Timeframe: both setups tested for several days, side-by-side, night and day.
Your operating enviroment will be different from mine; I devoted the largest part of my book to electrical noise reduction, as 1) simplest, 2) cheapest and 3) most effective way of improving reception. No noise reduction used in this test, because using 100+ dollar worth of cables, antenna isolators, stubs, or a better antenna system will yield better results.
The question is: should you get an upconverter or a portable shortwave receiver? How to spend 50 bucks?
This test tries to simulate an average user connecting a longwire to either receiver hoping to listen to a station of his/her choice.

Test Results

Sorry, no video this time, I made one but no audible difference with major stations / strong signals, weak signals are noise interspersed with voice, not video material.
If you can clearly see the signal in SDRSharp the G8 can receive it without any problem.
If you have to strain your eyes or play with contrast - G8 will receive it 1kHz below indicated SDRSharp frequency. Faint, but still audible.
Indoors: same performance. No surprise here, placate wife and neighbors, erect an outside antenna.
20 feet / 6m outdoor antenna: Major broadcasters - government propaganda, religious and foreign  language programming all booming in. No difference between Ham It Up and portable shortwave for enjoyment factor.
20 m (around 14.2) CW and SSB chat caught on Ham It Up, indistinguishable with the G8.
Ham It Up is very slightly better with lots of software tweaking, gain and digital noise reduction is your friend. The difference is there, but really, really small. More often than not, you end up with voice fading in and out.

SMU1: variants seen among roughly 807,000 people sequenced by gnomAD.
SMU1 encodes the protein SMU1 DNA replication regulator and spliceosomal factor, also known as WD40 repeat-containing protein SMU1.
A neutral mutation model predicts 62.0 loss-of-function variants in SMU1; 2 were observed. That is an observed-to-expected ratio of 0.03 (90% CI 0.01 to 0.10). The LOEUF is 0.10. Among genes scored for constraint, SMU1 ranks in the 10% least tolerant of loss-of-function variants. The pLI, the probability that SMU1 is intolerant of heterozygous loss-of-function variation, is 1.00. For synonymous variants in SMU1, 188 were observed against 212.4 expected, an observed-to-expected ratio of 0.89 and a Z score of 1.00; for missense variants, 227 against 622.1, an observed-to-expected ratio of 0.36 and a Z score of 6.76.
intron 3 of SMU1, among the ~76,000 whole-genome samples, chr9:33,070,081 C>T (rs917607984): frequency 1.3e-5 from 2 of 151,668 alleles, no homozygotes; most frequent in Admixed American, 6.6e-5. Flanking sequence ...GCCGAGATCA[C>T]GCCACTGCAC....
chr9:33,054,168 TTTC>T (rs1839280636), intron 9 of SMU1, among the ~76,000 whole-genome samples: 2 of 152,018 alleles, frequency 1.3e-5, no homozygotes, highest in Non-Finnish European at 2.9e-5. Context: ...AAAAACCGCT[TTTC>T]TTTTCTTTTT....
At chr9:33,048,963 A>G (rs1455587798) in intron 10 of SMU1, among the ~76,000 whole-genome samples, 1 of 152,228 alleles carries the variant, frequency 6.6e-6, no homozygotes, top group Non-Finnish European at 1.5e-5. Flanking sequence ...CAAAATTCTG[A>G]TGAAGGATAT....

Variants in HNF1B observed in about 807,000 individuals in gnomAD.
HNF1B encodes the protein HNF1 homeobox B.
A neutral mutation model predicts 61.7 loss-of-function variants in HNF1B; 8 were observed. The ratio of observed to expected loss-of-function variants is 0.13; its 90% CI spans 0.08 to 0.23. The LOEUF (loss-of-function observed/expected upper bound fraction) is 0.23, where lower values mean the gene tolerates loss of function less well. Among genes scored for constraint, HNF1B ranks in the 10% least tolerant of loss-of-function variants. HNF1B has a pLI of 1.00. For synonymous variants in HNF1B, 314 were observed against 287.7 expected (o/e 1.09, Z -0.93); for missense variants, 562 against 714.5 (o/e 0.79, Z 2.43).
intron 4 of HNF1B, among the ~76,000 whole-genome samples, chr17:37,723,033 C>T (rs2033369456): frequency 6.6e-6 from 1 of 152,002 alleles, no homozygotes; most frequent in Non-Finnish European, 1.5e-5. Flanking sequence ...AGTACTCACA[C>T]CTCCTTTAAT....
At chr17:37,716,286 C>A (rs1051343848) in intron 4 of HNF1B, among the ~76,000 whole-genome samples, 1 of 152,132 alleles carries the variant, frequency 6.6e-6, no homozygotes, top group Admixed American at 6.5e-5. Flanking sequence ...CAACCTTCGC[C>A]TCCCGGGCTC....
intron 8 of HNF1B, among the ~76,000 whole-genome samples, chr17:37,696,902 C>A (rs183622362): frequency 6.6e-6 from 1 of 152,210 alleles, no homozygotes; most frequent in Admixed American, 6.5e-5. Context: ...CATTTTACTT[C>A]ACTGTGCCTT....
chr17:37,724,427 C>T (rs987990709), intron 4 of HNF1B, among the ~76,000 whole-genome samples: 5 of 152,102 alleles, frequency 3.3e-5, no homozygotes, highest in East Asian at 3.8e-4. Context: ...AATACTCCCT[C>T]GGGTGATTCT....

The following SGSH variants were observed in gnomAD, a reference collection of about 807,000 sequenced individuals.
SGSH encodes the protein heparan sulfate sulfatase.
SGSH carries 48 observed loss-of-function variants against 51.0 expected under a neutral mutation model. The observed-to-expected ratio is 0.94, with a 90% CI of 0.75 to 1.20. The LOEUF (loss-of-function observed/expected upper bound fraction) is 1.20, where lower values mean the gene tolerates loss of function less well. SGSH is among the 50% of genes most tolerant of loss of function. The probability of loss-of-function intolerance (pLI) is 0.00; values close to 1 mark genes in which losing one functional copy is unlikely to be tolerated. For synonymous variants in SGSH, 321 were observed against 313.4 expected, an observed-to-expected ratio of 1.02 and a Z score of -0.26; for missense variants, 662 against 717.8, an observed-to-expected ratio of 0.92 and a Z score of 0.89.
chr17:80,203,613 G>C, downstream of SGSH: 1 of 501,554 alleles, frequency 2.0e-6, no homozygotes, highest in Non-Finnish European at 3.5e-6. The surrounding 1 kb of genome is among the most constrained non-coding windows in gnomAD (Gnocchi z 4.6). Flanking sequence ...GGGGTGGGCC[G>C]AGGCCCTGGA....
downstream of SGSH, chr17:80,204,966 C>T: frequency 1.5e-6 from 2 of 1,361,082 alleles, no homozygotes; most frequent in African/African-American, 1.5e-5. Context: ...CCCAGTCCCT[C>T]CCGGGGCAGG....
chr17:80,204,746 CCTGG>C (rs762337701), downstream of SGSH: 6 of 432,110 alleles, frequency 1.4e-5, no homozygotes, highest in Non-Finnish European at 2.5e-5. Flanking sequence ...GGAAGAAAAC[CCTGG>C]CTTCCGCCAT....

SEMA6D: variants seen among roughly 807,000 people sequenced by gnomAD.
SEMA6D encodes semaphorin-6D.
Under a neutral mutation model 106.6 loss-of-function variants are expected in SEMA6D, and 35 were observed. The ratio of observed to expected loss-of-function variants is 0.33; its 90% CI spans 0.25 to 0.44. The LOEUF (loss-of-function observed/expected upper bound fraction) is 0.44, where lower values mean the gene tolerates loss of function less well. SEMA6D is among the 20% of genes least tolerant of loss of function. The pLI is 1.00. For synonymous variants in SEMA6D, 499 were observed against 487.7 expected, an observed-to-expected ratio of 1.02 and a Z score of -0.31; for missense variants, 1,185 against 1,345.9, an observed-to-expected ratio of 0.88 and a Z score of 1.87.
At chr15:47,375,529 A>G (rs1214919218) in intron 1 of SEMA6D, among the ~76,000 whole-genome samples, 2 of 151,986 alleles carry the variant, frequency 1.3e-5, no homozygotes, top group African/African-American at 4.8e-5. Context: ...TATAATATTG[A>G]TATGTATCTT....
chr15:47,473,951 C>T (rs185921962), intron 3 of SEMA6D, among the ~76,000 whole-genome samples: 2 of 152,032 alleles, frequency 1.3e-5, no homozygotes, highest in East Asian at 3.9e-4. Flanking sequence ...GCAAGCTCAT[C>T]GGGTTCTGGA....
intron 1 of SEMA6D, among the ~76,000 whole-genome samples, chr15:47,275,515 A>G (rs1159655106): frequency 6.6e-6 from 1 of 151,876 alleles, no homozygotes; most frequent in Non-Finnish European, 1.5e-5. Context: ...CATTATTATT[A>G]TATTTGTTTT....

Weak signals are a hit-and-miss with either setup, at least with the RTL setup, play with contrast,  gain and digital noise reduction and click on the faint waterfall. Many minutes later you might get a voice from the other of the globe. Or not.


1. You will be better off with a portable shortwave receiver. Easier to use. Better to listen to.
2. The Ham It Up needs a preamp. Badly. When I got tired of noise I plugged in the LNA4HF.

The Ham It Up is slightly better in terms of reception capability, added software features make it an enticing proposition. But if you're hunting weak signals (read: love to listen to hissing noise) a proper antenna, noise reduction tricks from the book and a preamp is a must.
The "better to listen to" part is impossible to explain. Live music will be always better than recorded, and to my ears, the portable is better for listening.

For shortwave listening spend your hard-earned money on a portable.

If you enjoyed this article, or wish to support this blog, 

... go to Amazon and buy my book.  Tips and tricks in the book will save time and money, reduce frustration with computer settings and help you build the best antenna system from shortwave to microwave. Detailed and illustrated step-by-step descriptions on easy-to-do antennas, from shortwave to microwave.
Basically all you need to know to enjoy radio.